Scientists from Imperial College London have riddled out the cause of one of the most pervasive viruses on earth: the enterovirus.
“There are many different types of enteroviruses that infect humans,” Dr. Margarita Pons-Salort, co-author of the research from Imperial’s School of Public Health, said. “Some cause epidemics every year, while others cause epidemics every two or three years. However, until now we didn’t know what determined the frequency of these outbreaks, or why some viruses seemed to cause large outbreaks in certain years.”
Enteroviruses infected 50 million children in the United States alone annually. There is only one vaccine for enteroviruses currently available and others are in development.
Pons-Salort’s team has developed a mathematical model that could allow for prediction of outbreaks up to two years ahead of time. Focusing on 14 years of Japanese enterovirus surveillance data for its initial build and testing, the team simulated epidemic patterns for each of the 20 most common types of enterovirus and successfully predicted outbreaks in 2015 and 2016. Tests based on other countries’ data are ongoing.
“The accuracy of our model to explain the data means we now understand why these outbreaks occur, and that they are actually highly predictable,” Pons-Salort said. “This information could allow medical staff to prepare ahead of the outbreak. Our model will also help design vaccination strategies (i.e. who should be vaccinated and when), and anticipate the impact of the vaccine.”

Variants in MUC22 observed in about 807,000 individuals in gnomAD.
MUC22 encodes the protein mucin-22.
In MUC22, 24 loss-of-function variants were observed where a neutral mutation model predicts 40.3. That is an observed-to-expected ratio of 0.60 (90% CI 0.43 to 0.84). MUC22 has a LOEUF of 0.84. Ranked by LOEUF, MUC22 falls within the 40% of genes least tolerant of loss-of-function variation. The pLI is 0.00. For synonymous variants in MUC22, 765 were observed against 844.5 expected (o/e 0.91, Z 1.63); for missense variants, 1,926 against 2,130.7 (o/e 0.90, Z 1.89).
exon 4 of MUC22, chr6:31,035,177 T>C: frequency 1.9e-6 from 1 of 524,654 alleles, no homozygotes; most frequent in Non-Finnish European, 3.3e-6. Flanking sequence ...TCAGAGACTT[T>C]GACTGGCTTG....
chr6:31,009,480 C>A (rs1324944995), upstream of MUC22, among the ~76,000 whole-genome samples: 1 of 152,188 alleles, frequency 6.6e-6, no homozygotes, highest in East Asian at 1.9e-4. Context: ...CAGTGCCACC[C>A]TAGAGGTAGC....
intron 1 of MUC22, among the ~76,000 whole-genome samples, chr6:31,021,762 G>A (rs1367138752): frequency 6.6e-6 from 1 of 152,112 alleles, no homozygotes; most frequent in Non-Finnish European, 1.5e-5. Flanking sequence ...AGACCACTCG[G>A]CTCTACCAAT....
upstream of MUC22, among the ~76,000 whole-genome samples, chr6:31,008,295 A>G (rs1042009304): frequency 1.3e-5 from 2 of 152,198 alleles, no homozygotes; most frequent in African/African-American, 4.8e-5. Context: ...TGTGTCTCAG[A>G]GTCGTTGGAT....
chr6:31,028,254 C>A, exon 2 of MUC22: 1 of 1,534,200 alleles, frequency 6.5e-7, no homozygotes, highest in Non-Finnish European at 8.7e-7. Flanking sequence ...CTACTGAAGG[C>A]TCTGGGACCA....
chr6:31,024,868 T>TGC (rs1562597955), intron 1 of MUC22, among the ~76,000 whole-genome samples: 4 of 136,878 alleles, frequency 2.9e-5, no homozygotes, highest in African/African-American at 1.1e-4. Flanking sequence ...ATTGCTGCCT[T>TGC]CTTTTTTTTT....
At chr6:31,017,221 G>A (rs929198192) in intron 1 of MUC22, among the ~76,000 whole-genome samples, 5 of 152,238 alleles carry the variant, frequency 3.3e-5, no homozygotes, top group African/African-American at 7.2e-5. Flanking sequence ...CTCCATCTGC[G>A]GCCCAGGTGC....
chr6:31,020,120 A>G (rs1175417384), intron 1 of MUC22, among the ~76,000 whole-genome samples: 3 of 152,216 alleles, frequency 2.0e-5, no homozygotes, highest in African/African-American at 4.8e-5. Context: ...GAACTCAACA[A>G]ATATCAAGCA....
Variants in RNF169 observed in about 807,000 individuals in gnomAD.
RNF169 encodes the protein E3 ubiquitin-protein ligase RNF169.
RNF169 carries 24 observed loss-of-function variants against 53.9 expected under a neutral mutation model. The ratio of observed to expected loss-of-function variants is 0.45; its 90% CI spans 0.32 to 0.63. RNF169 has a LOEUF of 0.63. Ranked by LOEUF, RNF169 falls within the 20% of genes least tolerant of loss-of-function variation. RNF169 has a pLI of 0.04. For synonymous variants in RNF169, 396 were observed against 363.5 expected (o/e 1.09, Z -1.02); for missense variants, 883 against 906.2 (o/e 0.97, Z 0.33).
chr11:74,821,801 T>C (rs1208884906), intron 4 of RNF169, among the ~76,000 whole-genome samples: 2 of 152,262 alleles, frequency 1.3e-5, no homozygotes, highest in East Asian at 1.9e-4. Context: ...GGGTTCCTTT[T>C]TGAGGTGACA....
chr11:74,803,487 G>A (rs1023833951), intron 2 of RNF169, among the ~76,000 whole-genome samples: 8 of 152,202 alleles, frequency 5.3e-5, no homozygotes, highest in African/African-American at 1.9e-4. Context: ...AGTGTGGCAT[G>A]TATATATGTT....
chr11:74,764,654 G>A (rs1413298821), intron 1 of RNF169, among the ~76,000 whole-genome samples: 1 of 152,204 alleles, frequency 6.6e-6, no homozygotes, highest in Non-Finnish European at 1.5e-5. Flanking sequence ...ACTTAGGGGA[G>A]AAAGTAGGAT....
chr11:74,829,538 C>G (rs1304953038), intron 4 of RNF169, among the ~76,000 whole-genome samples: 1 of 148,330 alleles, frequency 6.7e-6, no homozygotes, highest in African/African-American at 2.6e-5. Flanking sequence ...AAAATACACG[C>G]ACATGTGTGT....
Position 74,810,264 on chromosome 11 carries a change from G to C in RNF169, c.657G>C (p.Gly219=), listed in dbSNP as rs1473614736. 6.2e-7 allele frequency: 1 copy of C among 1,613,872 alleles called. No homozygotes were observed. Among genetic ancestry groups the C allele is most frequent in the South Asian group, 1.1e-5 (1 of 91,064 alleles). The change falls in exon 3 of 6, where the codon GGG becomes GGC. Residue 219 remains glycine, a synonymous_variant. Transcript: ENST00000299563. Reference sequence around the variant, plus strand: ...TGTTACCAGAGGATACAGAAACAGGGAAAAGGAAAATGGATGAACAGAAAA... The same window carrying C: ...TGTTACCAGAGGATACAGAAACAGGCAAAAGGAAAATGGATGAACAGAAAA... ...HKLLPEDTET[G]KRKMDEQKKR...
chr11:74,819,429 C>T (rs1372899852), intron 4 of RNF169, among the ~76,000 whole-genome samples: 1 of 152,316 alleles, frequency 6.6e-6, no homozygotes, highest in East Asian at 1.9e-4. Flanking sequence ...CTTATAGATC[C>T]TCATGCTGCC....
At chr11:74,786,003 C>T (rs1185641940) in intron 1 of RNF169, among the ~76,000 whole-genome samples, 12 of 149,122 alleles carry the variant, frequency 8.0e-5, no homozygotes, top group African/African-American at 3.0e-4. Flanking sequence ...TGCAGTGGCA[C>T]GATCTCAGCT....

The findings, published in the journal Science, also indicate that frequency of enterovirus outbreaks over time are linked to birth rates. There are over 100 different types of enterovirus which can infect people, and the scientists found that outbreaks of the varying types were mostly determined by the number of children born in a given year, as well as the development of immunity against that specific type in the wake of infection. That infection tends to lead to development of immunity to further infections of that virus.
The team also found that each outbreak tends to be followed by a group of children born without encountering the virus, which leads to further infections down the road, and another resulting outbreak. These outbreaks can manifest in all sorts of ways: cold symptoms, sore throat and fever, viral meningitis, or even encephalitis.